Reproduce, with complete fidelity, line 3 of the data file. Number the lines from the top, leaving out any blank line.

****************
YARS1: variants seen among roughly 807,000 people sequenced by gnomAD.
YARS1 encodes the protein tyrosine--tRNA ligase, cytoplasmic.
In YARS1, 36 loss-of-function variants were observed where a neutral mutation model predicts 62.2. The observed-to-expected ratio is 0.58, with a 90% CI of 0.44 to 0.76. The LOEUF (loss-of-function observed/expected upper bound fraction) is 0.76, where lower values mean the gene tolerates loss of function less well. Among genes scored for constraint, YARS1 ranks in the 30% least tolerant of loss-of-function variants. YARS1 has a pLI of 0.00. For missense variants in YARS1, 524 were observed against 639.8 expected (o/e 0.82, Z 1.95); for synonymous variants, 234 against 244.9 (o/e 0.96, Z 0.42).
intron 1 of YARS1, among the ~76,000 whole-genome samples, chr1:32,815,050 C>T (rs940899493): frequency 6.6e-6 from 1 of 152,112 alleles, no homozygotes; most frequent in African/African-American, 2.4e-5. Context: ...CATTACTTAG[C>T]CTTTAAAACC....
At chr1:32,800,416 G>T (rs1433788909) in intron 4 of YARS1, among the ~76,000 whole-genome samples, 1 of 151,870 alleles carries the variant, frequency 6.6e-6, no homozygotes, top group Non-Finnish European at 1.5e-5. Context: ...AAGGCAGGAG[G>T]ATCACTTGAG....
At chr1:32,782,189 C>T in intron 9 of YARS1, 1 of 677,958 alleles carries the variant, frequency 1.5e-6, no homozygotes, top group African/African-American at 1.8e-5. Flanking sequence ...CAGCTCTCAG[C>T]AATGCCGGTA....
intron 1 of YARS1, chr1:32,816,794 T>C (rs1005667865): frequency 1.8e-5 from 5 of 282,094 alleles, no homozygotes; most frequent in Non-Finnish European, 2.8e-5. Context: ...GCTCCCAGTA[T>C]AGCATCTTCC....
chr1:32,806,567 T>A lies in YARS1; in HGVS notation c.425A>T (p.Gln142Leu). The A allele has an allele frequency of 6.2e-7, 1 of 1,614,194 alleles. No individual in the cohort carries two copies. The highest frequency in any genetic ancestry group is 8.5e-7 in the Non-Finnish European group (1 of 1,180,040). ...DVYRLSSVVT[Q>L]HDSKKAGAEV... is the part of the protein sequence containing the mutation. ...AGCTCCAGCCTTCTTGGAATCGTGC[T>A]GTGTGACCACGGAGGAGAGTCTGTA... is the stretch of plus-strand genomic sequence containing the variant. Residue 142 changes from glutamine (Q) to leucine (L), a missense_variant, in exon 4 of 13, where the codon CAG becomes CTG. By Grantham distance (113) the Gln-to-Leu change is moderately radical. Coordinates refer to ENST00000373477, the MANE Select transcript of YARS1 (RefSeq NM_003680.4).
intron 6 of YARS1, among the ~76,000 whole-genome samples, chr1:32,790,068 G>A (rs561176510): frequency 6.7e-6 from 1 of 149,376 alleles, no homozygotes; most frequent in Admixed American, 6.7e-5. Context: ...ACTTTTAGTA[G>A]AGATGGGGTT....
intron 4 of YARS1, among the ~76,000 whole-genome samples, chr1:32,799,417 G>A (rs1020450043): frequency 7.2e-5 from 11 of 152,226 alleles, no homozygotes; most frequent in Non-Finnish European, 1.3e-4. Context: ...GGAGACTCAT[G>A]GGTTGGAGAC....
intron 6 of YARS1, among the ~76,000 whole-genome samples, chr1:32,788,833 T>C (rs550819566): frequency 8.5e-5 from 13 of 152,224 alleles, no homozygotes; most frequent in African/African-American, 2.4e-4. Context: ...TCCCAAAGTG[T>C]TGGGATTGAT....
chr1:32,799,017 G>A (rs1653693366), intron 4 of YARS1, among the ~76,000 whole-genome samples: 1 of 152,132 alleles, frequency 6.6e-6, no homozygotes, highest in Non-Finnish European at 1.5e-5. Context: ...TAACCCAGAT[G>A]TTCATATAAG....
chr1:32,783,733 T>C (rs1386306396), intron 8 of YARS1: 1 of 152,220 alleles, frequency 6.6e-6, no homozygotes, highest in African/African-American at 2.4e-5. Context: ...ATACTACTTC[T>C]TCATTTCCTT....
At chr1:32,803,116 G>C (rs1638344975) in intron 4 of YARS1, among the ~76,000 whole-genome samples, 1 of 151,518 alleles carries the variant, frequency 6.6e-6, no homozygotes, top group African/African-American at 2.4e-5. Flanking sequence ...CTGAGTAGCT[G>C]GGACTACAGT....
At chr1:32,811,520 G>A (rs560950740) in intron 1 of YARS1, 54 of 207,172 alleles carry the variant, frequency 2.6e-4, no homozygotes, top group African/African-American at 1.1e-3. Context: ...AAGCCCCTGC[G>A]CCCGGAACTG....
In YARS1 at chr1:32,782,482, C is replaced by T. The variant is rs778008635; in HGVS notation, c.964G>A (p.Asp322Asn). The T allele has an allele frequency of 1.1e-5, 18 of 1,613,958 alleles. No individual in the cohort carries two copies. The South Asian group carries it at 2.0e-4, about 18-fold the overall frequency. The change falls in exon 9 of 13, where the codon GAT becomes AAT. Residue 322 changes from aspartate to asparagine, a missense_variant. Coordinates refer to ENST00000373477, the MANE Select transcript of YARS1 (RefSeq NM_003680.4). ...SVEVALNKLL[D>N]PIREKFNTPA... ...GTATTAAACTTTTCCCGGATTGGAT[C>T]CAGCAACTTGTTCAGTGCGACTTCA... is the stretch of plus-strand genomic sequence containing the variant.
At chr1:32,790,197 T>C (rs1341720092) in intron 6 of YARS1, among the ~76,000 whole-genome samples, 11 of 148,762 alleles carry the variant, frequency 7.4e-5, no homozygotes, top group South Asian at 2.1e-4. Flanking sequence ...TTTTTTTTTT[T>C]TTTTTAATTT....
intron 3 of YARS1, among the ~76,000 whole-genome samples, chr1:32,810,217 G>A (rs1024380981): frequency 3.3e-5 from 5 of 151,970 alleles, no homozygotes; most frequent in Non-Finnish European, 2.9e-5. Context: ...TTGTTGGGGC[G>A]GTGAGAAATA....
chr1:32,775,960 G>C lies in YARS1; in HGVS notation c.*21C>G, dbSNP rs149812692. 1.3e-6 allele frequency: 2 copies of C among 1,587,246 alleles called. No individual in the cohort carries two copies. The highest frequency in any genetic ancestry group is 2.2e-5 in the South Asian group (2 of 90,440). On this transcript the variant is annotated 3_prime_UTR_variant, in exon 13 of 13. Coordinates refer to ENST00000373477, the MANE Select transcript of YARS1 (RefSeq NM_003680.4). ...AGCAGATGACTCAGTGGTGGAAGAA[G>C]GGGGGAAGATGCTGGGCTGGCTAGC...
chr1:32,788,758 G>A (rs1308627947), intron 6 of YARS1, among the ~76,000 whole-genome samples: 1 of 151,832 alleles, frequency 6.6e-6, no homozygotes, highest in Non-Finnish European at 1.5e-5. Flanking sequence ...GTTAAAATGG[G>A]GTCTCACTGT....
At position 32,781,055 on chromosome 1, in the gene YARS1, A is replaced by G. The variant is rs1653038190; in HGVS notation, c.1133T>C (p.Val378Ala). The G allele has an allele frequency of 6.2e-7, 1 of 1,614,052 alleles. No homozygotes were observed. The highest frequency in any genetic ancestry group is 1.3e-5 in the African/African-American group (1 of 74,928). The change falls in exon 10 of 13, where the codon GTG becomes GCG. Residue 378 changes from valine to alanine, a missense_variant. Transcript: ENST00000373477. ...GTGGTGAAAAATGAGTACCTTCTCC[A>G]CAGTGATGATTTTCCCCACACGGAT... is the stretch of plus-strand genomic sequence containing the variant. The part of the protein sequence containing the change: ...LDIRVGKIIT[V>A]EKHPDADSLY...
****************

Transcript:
In YARS1, 36 loss-of-function variants were observed where a neutral mutation model predicts 62.2. The observed-to-expected ratio is 0.58, with a 90% CI of 0.44 to 0.76. The LOEUF (loss-of-function observed/expected upper bound fraction) is 0.76, where lower values mean the gene tolerates loss of function less well. Among genes scored for constraint, YARS1 ranks in the 30% least tolerant of loss-of-function variants. YARS1 has a pLI of 0.00. For missense variants in YARS1, 524 were observed against 639.8 expected (o/e 0.82, Z 1.95); for synonymous variants, 234 against 244.9 (o/e 0.96, Z 0.42).